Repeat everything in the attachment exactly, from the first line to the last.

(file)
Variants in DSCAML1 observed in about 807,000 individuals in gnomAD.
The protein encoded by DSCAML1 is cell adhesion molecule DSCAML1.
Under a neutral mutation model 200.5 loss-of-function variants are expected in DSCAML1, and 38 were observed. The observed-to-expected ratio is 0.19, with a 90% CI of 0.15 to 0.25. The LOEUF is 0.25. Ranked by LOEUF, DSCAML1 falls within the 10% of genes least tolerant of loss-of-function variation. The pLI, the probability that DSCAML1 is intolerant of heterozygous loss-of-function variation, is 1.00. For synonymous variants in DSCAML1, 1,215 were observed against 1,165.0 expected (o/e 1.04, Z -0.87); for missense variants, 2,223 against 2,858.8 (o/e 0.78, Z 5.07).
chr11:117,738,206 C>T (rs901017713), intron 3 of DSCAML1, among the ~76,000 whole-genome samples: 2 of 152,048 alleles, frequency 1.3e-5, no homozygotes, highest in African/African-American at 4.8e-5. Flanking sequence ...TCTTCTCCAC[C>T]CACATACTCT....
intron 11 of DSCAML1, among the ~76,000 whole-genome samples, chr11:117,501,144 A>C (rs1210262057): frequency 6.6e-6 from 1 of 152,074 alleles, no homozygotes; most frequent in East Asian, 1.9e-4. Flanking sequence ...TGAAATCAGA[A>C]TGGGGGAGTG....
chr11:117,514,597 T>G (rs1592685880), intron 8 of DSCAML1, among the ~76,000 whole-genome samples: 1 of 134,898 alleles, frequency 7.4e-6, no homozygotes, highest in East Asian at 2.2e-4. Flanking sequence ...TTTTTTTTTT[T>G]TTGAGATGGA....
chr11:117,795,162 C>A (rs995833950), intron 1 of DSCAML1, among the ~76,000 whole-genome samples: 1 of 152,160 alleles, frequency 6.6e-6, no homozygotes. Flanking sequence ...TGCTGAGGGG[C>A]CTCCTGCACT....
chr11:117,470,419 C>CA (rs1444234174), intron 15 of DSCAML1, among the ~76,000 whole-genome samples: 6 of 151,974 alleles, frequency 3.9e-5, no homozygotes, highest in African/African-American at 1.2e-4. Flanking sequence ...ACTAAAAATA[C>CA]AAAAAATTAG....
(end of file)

Variants in DSCAML1 observed in about 807,000 individuals in gnomAD.
The protein encoded by DSCAML1 is cell adhesion molecule DSCAML1.
Under a neutral mutation model 200.5 loss-of-function variants are expected in DSCAML1, and 38 were observed. The observed-to-expected ratio is 0.19, with a 90% CI of 0.15 to 0.25. The LOEUF is 0.25. Ranked by LOEUF, DSCAML1 falls within the 10% of genes least tolerant of loss-of-function variation. The pLI, the probability that DSCAML1 is intolerant of heterozygous loss-of-function variation, is 1.00. For synonymous variants in DSCAML1, 1,215 were observed against 1,165.0 expected (o/e 1.04, Z -0.87); for missense variants, 2,223 against 2,858.8 (o/e 0.78, Z 5.07).
chr11:117,738,206 C>T (rs901017713), intron 3 of DSCAML1, among the ~76,000 whole-genome samples: 2 of 152,048 alleles, frequency 1.3e-5, no homozygotes, highest in African/African-American at 4.8e-5. Flanking sequence ...TCTTCTCCAC[C>T]CACATACTCT....
intron 11 of DSCAML1, among the ~76,000 whole-genome samples, chr11:117,501,144 A>C (rs1210262057): frequency 6.6e-6 from 1 of 152,074 alleles, no homozygotes; most frequent in East Asian, 1.9e-4. Flanking sequence ...TGAAATCAGA[A>C]TGGGGGAGTG....
chr11:117,514,597 T>G (rs1592685880), intron 8 of DSCAML1, among the ~76,000 whole-genome samples: 1 of 134,898 alleles, frequency 7.4e-6, no homozygotes, highest in East Asian at 2.2e-4. Flanking sequence ...TTTTTTTTTT[T>G]TTGAGATGGA....
chr11:117,795,162 C>A (rs995833950), intron 1 of DSCAML1, among the ~76,000 whole-genome samples: 1 of 152,160 alleles, frequency 6.6e-6, no homozygotes. Flanking sequence ...TGCTGAGGGG[C>A]CTCCTGCACT....
chr11:117,470,419 C>CA (rs1444234174), intron 15 of DSCAML1, among the ~76,000 whole-genome samples: 6 of 151,974 alleles, frequency 3.9e-5, no homozygotes, highest in African/African-American at 1.2e-4. Flanking sequence ...ACTAAAAATA[C>CA]AAAAAATTAG....